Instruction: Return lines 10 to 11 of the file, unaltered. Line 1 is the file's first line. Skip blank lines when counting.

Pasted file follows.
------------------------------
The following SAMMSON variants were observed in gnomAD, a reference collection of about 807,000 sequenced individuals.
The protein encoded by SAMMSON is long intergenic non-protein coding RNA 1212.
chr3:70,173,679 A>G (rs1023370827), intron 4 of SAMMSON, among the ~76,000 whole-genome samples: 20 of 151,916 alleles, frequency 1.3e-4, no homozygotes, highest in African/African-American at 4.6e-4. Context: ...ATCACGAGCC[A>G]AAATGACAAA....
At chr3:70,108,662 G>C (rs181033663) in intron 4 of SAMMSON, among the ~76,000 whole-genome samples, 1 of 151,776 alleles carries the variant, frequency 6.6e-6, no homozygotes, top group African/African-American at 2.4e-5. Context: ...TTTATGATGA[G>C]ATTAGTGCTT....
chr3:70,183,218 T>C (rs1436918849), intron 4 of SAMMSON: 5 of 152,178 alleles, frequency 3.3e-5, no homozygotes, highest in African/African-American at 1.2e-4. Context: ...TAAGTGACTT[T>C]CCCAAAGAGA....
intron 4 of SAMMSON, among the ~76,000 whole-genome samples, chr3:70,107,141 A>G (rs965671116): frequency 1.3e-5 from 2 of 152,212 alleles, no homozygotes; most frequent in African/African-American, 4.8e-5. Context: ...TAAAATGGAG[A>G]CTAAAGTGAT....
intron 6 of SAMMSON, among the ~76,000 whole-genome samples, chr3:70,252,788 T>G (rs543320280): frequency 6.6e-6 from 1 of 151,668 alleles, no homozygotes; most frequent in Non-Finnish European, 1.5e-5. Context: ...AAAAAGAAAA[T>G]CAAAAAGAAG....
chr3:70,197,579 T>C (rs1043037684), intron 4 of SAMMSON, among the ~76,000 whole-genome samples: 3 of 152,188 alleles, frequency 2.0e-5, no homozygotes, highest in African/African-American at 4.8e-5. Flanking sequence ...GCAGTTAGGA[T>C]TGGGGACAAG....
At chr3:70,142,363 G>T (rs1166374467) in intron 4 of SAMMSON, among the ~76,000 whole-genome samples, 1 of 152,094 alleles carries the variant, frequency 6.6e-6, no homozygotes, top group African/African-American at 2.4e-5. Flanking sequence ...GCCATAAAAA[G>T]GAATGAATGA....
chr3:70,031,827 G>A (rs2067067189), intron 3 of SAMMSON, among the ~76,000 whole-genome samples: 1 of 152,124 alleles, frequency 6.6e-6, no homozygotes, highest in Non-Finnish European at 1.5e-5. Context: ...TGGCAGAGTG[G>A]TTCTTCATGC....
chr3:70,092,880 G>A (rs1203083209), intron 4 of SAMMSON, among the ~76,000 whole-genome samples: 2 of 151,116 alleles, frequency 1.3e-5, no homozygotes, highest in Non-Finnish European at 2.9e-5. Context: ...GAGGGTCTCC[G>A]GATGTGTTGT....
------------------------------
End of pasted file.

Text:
chr3:70,031,827 G>A (rs2067067189), intron 3 of SAMMSON, among the ~76,000 whole-genome samples: 1 of 152,124 alleles, frequency 6.6e-6, no homozygotes, highest in Non-Finnish European at 1.5e-5. Context: ...TGGCAGAGTG[G>A]TTCTTCATGC....
chr3:70,092,880 G>A (rs1203083209), intron 4 of SAMMSON, among the ~76,000 whole-genome samples: 2 of 151,116 alleles, frequency 1.3e-5, no homozygotes, highest in Non-Finnish European at 2.9e-5. Context: ...GAGGGTCTCC[G>A]GATGTGTTGT....